Monday, March 21, 2016

#PBwkendread Review: Thirteen Reasons Why by Jay Asher

1217100Title: Thirteen Reasons Why
Author: Jay Asher
Published: Oct. 18, 2007
Publisher: Razorbill
Pages: 288
Genre: Teens, YA
Review: Library book
Buy Links: Amazon, Amazon.uk  




Clay Jensen returns home from school to find a mysterious box with his name on it lying on his porch. Inside he discovers thirteen cassette tapes recorded by Hannah Baker, his classmate and crush who committed suicide two weeks earlier.
On tape, Hannah explains that there are thirteen reasons why she decided to end her life. Clay is one of them. If he listens, he'll find out how he made the list.
Through Hannah and Clay's dual narratives, debut author Jay Asher weaves an intricate and heartrending story of confusion and desperation that will deeply affect teen readers.


So I was looking around in the library and happened to see the title of this book. As I picked it up the title was what caught my eye to flip to the back when I realized it was about a teen suicide I figured I would give it a read.
Now this story goes back and forth between Clay and Hannah though this is Hannah talking through a recording. You see she left tapes that are to be mailed to those that are on a list of hers each person who is on that list is to hear her voice and understand what caused her to end her life. I loved how the author did it old school and had this put on cassette tapes. 
Hannah seems like a normal girl but you never really know how a person is unless you truly truly know them and even then you may not know what is going on within their head. 
I could totally relate with Hannah in a way where rumors that are started give you a reputation that isn't good and there is no way that you can tell them the truth on what really happened as everyone has their mind set to listen to the rumor. It sucks that Hannah had an experience like that because she seemed like a nice girl who would rather just stay to herself and have a close knit of friends.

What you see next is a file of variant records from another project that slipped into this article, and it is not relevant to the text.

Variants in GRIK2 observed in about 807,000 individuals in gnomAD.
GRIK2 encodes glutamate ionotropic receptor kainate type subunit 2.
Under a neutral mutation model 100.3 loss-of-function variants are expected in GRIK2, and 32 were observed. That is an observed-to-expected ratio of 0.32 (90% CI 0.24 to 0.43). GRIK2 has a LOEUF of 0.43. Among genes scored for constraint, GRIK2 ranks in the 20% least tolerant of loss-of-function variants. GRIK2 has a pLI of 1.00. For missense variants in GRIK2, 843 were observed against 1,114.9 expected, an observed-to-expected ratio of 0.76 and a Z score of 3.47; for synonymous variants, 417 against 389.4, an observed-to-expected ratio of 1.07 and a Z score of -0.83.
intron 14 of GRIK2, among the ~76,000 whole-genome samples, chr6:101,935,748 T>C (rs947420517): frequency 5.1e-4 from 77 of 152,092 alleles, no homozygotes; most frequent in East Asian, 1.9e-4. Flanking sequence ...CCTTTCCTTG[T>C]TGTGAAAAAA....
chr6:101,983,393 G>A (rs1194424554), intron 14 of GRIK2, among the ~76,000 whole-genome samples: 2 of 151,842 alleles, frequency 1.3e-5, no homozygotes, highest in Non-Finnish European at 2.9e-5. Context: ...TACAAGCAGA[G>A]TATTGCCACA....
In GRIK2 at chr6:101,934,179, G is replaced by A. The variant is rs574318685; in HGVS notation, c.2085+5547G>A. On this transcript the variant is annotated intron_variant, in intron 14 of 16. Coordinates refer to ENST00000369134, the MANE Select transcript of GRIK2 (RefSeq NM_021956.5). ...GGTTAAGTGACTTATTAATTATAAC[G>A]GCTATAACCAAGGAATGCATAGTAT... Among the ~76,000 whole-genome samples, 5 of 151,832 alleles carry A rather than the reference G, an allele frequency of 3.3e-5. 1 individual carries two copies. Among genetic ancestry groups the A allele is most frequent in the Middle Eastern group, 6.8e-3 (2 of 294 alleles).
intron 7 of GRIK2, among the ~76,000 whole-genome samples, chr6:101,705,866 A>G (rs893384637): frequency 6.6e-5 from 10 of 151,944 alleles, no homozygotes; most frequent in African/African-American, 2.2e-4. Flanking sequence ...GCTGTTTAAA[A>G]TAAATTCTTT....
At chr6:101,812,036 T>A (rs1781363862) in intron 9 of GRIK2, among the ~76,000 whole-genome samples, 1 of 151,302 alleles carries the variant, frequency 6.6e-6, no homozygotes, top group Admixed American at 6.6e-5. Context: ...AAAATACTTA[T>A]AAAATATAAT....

Clay poor thing he has a crush on Hannah but never could quite talk to her so for him to have to listen to this and deal with was sad. 
One thing I didn't understand with Hannah was the fact that instead of confronting one character for what he did she just added more things for him to have on her and kept the rumor mill going. I would have at least spoke to my parents or the police in that matter because that is something serious. 
I see this as a  good book for teens to read as it deals with a hard topic and that kids should reach out if you are thinking of suicide. Also speak up for those that are being pushed around by those that are your peers stand up for what you believe is right. 
#PBwkendread
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National Suicide Prevention Lifeline

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Jay Asher
Jay Asher was born in Arcadia, California on September 30, 1975. He grew up in a family that encouraged all of his interests, from playing the guitar to his writing. He attended Cuesta College right after graduating from high school. It was here where he wrote his first two children’s books for a class called Children’s Literature Appreciation. At this point in his life, he had decided he wanted to become an elementary school teacher. He then transferred to California Polytechnic State University in San Luis Obispo where he left his senior year in order to pursue his career as a serious writer. Throughout his life he worked in various establishments, including as a salesman in a shoe store and in libraries and bookstores. Many of his work experiences had an impact on some aspect of his writing.
He has published only one book to date, Thirteen Reasons Why, which was published in October 2007. He is currently working on his second Young Adult novel, and has written several picture books and screenplays. Thirteen Reasons Why has won several awards and has received five stars from Teen Book Review. It also has received high reviews from fellow authors such as Ellen Hopkins, Chris Crutcher, and Gordon Kormon.



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